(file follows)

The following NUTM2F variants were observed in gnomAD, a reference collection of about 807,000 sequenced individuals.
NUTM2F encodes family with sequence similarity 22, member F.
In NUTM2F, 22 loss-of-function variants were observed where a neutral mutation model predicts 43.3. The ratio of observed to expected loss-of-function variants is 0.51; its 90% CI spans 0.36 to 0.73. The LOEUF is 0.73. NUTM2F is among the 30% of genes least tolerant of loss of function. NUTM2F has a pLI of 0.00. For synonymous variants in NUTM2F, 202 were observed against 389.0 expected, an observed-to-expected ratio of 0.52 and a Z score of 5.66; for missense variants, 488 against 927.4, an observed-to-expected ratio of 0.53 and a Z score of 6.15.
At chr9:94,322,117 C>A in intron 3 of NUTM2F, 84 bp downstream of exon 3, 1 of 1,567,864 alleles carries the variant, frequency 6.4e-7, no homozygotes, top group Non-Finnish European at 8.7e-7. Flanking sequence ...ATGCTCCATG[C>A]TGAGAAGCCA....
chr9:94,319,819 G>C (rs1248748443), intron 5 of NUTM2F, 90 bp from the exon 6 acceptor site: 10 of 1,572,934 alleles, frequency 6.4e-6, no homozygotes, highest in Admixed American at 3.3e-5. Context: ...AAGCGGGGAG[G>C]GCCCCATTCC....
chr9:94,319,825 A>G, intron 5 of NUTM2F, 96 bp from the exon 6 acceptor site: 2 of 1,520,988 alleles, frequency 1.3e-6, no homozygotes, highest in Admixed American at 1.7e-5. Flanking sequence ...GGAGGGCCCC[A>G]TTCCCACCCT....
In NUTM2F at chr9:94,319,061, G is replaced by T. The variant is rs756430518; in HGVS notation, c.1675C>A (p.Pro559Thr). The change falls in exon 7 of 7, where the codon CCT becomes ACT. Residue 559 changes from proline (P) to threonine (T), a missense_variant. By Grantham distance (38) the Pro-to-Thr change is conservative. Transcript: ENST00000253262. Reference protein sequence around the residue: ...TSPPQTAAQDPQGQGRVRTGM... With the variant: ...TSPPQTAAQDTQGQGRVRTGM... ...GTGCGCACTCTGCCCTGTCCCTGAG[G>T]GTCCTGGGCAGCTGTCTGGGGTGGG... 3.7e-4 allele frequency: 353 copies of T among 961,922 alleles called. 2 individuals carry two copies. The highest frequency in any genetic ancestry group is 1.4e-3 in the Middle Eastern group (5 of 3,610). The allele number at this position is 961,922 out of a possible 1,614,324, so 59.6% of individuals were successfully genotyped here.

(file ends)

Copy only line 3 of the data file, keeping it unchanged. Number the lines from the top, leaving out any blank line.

In NUTM2F, 22 loss-of-function variants were observed where a neutral mutation model predicts 43.3. The ratio of observed to expected loss-of-function variants is 0.51; its 90% CI spans 0.36 to 0.73. The LOEUF is 0.73. NUTM2F is among the 30% of genes least tolerant of loss of function. NUTM2F has a pLI of 0.00. For synonymous variants in NUTM2F, 202 were observed against 389.0 expected, an observed-to-expected ratio of 0.52 and a Z score of 5.66; for missense variants, 488 against 927.4, an observed-to-expected ratio of 0.53 and a Z score of 6.15.